I guess another way of saying this is that every good has an optimal level of reliability -- beyond which it costs less to regularly replace the failing units than to improve the process or to provide for repairs. We could probably build a washer (or a car, or a hard drive) that lasts longer than the ones we have today, but what would the point be if the TCO was actually higher? Unless you were running the Presidential Motorcade or going all Mad Max, would you buy a car that failed half as often if the TCO was $300/mo instead of $200/mo (and that's including cost of repairs plus your time and inconvenience to bring it to the shop already priced in)? Would Amazon buy more reliable hard drives for AWS (if they were on the market) or would they just buy the cheap ones and build in redundancy? Does my small business website need 99.99% uptime or is 99.9% sufficient? Will the business I lose in the 40 minutes per month difference make up the cost? We can always throw more money at any good/process to make it more reliable -- but there has to be some stopping point where we decide that the marginal gains no longer make sense.

Another aspect to keep in mind is that doing things more reliably at global-scale means paying attention to all those nines. Just like getting from 99.9% uptime to 99.99% is going to cost more than each previous SLA, so to is the calculation for every input to the washer, plus the process/machinery that assembles it, plus the process/machinery that tests it. The acceptable marginal failure rate is going to scale against the marginal cost for increasing reliability.

[ And interestingly enough, Speed Queen does specialize in super-simple super-reliable washers and dryers, largely for the commercial (coin-op) market where downtime is more expensive. If it means a lot to you for your washer, by all means pay more for one and rest easier. Last I checked, they were more than 3x the upfront cost though, meaning that even if your other washer breaks twice out of warranty and is totally unrepairable and you have to buy a new one, you're still ahead! ]

Comment Re:Said it before (Score 1) 385

Wait, so requiring your employees to work for identical wages on Halloween, Thanksgiving, Christmas and New Years when they'd rather be at home with their families is just peachy? US labor law is embarrassingly behind on this -- those days are considered 'normal working days' and employers need not pay some form of overtime. Some employers voluntarily do the right thing (or close, maybe 1.5x isn't quite enough) but others -- including every taxi company on earth -- just schedule workers and tell them to show up for regular wages or find another job.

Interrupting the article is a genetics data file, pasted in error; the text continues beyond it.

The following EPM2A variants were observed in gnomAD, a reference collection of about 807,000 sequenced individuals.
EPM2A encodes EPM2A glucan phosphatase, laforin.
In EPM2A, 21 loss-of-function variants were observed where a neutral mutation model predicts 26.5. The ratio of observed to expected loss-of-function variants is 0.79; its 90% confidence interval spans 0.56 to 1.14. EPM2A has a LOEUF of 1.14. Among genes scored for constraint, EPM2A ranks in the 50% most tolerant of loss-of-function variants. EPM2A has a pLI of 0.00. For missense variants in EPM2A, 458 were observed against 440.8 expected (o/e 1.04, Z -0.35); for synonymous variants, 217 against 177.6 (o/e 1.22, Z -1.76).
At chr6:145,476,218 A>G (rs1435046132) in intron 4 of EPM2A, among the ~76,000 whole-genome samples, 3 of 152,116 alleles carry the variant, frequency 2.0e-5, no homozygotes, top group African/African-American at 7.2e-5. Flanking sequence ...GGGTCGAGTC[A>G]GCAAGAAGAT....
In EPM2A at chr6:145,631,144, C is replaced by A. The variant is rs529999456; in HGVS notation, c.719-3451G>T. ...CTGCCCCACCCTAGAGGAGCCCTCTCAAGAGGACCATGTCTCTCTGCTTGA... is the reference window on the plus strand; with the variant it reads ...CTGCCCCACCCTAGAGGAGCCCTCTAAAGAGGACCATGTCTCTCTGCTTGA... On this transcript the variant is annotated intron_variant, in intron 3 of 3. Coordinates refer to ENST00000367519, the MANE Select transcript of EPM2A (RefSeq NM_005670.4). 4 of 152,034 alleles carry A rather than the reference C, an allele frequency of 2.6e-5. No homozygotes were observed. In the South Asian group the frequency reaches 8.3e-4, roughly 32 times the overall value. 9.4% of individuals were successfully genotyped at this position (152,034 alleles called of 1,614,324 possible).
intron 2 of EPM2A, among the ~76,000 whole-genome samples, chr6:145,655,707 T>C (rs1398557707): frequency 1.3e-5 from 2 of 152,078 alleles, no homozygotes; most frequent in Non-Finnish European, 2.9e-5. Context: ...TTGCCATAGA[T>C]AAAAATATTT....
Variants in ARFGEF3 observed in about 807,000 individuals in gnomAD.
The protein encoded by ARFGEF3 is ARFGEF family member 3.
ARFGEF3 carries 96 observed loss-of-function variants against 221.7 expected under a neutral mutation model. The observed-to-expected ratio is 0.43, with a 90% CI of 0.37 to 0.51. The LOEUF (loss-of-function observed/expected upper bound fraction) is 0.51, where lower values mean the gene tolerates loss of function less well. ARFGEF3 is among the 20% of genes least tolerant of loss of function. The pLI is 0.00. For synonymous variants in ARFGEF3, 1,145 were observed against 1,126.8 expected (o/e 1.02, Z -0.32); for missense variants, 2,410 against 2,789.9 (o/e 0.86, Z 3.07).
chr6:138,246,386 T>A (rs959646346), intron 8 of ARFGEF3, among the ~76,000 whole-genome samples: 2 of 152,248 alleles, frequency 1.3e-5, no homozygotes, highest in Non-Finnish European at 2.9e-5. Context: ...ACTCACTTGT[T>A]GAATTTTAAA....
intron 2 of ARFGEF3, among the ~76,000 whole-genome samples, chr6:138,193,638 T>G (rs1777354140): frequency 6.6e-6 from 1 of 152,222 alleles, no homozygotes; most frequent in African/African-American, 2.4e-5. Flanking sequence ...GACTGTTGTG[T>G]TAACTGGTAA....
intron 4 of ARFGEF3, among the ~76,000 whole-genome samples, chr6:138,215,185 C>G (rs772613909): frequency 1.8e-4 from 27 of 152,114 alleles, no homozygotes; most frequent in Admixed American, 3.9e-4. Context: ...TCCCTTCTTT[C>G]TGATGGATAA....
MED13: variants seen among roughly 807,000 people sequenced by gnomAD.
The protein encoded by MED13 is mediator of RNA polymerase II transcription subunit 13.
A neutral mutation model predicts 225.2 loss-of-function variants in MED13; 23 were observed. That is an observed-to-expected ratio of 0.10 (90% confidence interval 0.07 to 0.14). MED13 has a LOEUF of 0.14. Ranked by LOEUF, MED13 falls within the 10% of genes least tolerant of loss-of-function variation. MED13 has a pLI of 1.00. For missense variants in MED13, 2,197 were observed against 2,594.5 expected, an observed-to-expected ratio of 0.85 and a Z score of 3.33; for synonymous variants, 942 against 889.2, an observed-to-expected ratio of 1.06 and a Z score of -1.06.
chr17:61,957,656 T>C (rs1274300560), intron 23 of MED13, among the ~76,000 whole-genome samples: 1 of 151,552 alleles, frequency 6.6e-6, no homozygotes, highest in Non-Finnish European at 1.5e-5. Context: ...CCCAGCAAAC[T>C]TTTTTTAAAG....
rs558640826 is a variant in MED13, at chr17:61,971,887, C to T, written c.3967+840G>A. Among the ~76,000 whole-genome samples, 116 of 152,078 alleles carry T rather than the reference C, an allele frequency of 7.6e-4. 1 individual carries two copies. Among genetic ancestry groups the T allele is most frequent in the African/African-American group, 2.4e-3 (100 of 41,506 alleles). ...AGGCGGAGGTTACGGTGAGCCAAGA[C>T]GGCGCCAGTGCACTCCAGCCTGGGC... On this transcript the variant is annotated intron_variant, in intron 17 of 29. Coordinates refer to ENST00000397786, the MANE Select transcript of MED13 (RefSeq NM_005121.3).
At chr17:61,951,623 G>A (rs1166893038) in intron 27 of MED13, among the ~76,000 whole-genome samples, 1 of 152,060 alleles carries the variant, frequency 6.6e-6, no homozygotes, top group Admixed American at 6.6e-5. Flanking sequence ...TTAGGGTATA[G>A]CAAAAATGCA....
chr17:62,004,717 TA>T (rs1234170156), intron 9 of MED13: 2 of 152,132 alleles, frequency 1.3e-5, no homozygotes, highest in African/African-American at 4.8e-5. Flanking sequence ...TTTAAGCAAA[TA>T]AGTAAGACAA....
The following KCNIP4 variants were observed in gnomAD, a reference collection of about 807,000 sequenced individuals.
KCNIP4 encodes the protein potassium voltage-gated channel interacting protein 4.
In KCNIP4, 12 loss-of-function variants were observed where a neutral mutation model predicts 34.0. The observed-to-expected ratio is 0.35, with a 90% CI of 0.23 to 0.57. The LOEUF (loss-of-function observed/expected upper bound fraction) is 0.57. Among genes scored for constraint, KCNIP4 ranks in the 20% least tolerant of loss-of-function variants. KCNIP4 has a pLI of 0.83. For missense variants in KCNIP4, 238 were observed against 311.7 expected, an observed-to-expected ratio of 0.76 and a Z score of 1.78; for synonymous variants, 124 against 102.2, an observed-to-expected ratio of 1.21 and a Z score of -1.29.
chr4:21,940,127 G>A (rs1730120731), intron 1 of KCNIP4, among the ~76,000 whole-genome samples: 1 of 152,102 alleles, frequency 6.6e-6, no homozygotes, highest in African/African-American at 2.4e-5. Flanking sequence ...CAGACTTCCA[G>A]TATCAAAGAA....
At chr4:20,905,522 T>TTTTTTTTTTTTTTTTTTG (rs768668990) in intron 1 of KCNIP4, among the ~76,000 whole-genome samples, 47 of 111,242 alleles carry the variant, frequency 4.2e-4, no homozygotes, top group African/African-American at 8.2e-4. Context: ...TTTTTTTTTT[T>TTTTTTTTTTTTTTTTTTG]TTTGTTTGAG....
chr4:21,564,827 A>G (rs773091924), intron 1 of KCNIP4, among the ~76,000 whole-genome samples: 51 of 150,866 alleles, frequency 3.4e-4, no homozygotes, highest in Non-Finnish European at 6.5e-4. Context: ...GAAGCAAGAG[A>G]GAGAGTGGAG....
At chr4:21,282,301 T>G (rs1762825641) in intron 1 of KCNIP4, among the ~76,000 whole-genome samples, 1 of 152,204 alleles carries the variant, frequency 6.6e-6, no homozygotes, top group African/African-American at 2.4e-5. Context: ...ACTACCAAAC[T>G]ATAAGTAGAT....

Contrast that with working for Uber, where the employee doesn't have to clock in on New Years if she doesn't want -- but if she does the wage is at least 4-5x because of surge pricing. That's not capitalism breaking down, that's capitalism at its shining best! The worker is empowered to set the wage she demands and withhold her services if that wage isn't met.

Comment Open Source != Freely Modifable (Score 1) 177

There is no conflict between the two (sensible) requirements that:
        (A) The router's source code should be freely inspectable
        (B) The router should have strong technological measures to prevent users from using it in a way that violates the terms, for instance by transmitting on a band that is not licensed in that country.

This is also a very good model for the automotive industry -- another place where there is laughable security that merits some real auditing, but at the same time it would be ridiculous to allow any kid with a $50 flasher to get a few more horsepower by emitting particulates that are known health risks.

Certainly there is no technical reason that "I can view the source" must mean "I can modify and recompile the source and have the system accept the binary as authentic". TiVo (much to RMS' chagrin) adopted the model, as does Android (for some models, other's advertise open bootloaders, consumers chose between them).

Admittedly, this won't satisfy the software-freedom purists, but at the same time we have to have some logical partitioning between a home computer (that you should control down tot he metal) and a computer that controls particulate emissions that harm others' health or a router firmware that can block others' usage of our shared airwaves.

[ And to that point, it would be great if there was software partitioning such that I could tweak my car's systems but not the ECU portions that control emissions. Or modify the router's linux base to add features (disclosure:I do run DD-WRT actually, but not on a WiFi device) but lock the radio in such a fashion that I don't interfere with my neighbors' networks. There's certainly no technical reason this can't be accomplished. ]

2 pints = 1 Cavort